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sand years ago. The authenticity of the documents of our faith thus rests, not on manuscripts and written records alone, but the hardest and most enduring substances in nature have added their unsuspecting testimony.
“Egyptian history and the manners of the most ancient nations,” Mr. Wilkinson remarks, “cannot but be interesting to every one, and so intimately connected are they with the scriptural accounts of the Israelites and the events of succeeding ages relative to Judea, that the name of Egypt need only to be mentioned to recal the early impressions we have received from the study of the Bible.”
It is the object of the present volume to collect and apply the results obtained by these and numerous other authors as far as they relate to the Books of Moses. This had not been done before the appearance of this work in 1840. Even the most recent German commentators are sadly deficient in this respect. They have scarcely made any advance upon the works of Spencer and Le Clerc, who wrote more than a century ago. Some of the other works of the author of this volume, Dr. E. W. Hengstenberg, are too well known in this country to render a statement of his general qualifications for the work which he has here undertaken necessary. It may, however, be proper to say that he has made the Pentateuch a subject of special study, and probably no one in Germany or elsewhere has devoted more attention to that interesting, but too much neglected portion of the sacred volume. His situation as Professor at Berlin also gave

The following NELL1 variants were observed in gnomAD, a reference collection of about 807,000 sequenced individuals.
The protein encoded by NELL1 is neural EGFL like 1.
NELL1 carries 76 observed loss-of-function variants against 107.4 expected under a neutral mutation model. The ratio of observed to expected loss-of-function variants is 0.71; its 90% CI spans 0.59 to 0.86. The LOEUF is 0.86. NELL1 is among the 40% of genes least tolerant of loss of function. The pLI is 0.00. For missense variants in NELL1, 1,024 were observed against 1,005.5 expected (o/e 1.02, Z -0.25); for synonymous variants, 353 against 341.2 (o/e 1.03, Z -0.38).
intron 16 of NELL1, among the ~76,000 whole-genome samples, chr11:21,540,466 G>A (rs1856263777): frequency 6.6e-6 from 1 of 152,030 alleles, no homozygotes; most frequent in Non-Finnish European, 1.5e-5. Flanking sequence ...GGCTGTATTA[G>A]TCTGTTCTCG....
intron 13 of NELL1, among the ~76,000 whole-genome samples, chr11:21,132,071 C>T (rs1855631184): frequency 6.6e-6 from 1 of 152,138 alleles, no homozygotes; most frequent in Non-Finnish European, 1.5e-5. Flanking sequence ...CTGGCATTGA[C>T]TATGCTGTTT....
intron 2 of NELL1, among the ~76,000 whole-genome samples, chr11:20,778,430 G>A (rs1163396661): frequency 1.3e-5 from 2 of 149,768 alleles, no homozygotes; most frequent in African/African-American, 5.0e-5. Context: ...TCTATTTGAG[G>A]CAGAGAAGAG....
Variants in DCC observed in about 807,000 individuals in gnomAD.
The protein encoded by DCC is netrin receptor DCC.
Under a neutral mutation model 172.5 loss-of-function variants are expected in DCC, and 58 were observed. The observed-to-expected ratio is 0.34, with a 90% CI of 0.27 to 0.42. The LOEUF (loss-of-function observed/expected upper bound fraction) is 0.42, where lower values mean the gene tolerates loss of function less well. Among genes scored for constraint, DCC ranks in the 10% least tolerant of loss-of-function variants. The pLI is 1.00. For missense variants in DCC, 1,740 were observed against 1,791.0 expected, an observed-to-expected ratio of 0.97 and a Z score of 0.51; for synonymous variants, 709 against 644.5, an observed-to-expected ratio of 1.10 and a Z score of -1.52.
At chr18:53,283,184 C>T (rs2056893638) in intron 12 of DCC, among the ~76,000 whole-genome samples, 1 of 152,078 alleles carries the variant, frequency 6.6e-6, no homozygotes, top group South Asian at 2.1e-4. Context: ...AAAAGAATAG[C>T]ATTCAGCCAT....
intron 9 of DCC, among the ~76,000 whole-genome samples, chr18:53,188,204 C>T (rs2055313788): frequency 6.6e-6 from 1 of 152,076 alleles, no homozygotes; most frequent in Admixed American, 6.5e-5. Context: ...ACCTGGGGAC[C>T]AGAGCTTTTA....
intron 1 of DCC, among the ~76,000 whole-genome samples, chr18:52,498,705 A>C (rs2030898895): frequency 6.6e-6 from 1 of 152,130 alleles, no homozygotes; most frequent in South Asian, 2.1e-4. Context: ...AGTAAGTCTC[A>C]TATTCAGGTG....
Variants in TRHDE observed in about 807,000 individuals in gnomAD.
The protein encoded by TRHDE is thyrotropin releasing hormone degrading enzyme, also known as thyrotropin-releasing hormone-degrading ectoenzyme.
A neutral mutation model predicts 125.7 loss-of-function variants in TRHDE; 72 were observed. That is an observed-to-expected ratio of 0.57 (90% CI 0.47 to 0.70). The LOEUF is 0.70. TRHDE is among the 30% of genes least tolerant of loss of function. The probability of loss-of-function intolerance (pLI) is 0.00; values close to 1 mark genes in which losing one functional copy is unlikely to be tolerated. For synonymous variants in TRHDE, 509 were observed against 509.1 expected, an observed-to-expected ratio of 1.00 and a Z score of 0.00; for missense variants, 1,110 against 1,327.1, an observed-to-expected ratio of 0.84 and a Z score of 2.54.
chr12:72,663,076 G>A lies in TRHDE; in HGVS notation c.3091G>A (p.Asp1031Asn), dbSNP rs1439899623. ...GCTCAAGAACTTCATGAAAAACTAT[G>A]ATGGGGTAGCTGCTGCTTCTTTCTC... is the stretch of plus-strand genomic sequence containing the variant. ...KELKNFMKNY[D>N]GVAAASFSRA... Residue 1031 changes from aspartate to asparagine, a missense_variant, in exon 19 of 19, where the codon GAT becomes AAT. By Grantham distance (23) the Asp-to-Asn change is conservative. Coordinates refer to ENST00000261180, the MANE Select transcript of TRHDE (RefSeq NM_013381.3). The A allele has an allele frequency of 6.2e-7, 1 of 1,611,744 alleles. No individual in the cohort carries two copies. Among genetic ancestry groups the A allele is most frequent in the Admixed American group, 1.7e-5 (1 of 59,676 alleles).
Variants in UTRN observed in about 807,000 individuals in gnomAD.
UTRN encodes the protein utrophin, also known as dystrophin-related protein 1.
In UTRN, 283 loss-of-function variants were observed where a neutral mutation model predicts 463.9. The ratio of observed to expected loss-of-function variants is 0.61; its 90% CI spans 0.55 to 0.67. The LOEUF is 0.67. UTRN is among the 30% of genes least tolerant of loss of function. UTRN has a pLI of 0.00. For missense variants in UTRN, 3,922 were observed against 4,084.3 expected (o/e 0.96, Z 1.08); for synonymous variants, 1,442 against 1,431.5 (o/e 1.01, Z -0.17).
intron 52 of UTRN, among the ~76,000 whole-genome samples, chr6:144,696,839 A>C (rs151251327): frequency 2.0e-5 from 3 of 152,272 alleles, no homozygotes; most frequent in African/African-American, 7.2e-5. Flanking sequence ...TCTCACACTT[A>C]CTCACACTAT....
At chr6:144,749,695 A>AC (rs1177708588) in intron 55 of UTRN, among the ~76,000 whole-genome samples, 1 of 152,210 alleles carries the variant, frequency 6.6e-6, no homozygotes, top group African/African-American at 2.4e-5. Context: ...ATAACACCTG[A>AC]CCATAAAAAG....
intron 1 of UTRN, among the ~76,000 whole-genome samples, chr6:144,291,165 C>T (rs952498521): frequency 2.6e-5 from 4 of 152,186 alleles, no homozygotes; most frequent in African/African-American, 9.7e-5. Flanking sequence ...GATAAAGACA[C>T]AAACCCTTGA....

him access to the rich collection of Egyptian antiquities in the Berlin Museum, and the reader is left to judge whether he has not made good use of his advantages.
The form of the work has been somewhat changed in the translation. The references to authorities, which in the original volume were in the text, are thrown to the bottom of the page. Nearly all of the italic headings have been inserted. In a very few cases notes, which it was thought would add more to the size than value of the volume to an English reader, have been omitted or abridged. In one instance a long note from another untranslated work of the author has been inserted in the text. The very few notes at the end have been added by the translator. It was his intention to insert many more but they have been unavoidably omitted.
The translator is under great obligations to Prof. H. B. Hackett of Newton Theological Seminary, who consented to listen to a large part of the manuscript before it was printed, and make such corrections as his accurate knowledge of the German language suggested. Much valuable advice and assistance has also been received from Professor B. B. Edwards of Andover Theological Seminary.
Andover, Sept. 1843.